I think that’s when it struck me. It isn’t all about me. In her very simple, pleading voice, she explained to me about her husband sleeping in one of the adjoining suite of rooms. She told me, “I can only imagine what he’s going through, but it’s the least I’d do for him. That’s what love does for one another. So, at that little alcove at the end of the hallway, I saw it wasn’t about a single person. Going through the extreme sacrifice of cancer treatment is as much for others as it is for oneself.


The day before leaving for Seattle, we all gathered for a BBQ in Park City. A large version of this picture hangs at the foot of my bed at the hospital, reminding me that I have a lot of people I am living for and a lot of people who love me. This is only a fraction of the who' fam damily!
We walked each other back to the MTU where her husband was asleep and I had some new things to think about. The day before I headed out from Utah for this grand adventure of healing, this pic was snapped and deemed “Team Todd 2013.” It has most of my local family and it was blown up to poster size so it can look down on me during some rather lonely nights. I am without a spouse and my children live on the other side of the country, so the poster is significant. My children and indeed those smiling down on me from the solitude of Team Todd 2013 are those whom I have to garner the strength to keep living and fighting for. It is indeed not just about me. Happy new birthday, sure…but it means so much more, especially to those who walk with me. The only crime I will have committed will be the one of supreme selfishness to ignore this birthday.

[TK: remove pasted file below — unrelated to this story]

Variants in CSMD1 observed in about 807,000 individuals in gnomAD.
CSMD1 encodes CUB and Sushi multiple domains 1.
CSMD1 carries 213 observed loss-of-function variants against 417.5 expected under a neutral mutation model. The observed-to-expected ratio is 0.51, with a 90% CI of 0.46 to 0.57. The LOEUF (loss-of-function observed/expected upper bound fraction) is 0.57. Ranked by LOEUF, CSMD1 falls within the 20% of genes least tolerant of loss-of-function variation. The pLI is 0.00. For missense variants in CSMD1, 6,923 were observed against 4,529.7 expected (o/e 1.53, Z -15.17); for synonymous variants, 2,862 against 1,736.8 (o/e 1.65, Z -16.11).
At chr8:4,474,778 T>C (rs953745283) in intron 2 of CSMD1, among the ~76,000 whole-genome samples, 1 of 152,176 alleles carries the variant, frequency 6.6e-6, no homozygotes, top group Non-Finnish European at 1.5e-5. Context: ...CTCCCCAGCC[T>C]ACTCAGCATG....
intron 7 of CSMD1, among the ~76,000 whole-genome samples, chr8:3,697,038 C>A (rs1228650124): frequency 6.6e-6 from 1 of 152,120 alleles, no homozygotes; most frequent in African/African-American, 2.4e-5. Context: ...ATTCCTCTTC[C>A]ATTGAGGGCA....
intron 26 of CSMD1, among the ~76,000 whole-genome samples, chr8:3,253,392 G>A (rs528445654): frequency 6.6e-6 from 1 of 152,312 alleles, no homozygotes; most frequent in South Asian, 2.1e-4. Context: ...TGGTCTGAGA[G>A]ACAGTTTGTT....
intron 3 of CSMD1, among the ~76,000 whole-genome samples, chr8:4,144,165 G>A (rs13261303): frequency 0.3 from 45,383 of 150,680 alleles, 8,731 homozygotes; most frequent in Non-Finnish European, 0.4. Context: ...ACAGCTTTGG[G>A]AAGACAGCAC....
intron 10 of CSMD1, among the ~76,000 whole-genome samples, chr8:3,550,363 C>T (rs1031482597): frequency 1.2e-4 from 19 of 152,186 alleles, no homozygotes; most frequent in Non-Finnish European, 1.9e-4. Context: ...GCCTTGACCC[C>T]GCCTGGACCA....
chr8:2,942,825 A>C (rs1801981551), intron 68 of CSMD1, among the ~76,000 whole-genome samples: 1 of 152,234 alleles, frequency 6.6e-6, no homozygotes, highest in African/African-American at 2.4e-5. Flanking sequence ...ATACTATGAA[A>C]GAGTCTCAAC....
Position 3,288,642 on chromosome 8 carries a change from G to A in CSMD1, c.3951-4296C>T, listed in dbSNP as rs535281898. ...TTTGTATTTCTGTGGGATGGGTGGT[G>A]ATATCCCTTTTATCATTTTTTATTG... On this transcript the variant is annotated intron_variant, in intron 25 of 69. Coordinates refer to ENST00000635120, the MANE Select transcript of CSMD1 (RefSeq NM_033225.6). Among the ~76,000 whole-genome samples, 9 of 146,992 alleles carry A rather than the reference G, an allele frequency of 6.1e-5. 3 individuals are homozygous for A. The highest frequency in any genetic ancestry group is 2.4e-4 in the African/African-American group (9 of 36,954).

Be well, stay strong J, and much love to you all!

Today's music:  Magia de Amore by Vitorio Grigolo
 
Te recorro lentamente por la piel
Te acaricio tiernamente las mejillas
Y mis manos se enloquecen al llegar
Lentas en tierras perdidas
Suaves colinas dormidas
Y mi boca que no deja de besar
Y se pierde en las arenas atrevidas
Y tu playa se confunde con mi mar
Anchas, ondas compartidas
Sabias, gaviotas amigas
Magia de amor
Juego inocente
Loca ilusiòn que escapò entre la gente
Y que vuelve a mi lado
Sin otra intenciòn que vivir
Sin pedir un por qué
Ni olvidar el perdòn
Me fascina tu manera de querer
Y me entrego a tus malicias decididas
Me abandono a la conquista de tus pies
Bellas palomas prohibidas
Fiesta de miel escondida
Magia de amor
Juego inocente
Loca ilusiòn que escapò entre la gente
Y que vuelve a mi lado
Sin otra intenciòn que vivir
Sin pedir un por qué
Ni olvidar el perdòn
Que vuelve a mi lado
Sin otra intenciòn que vivir
Ni olvidar el perdòn
Sin pedir un por qué
Ni olvidar el perdòn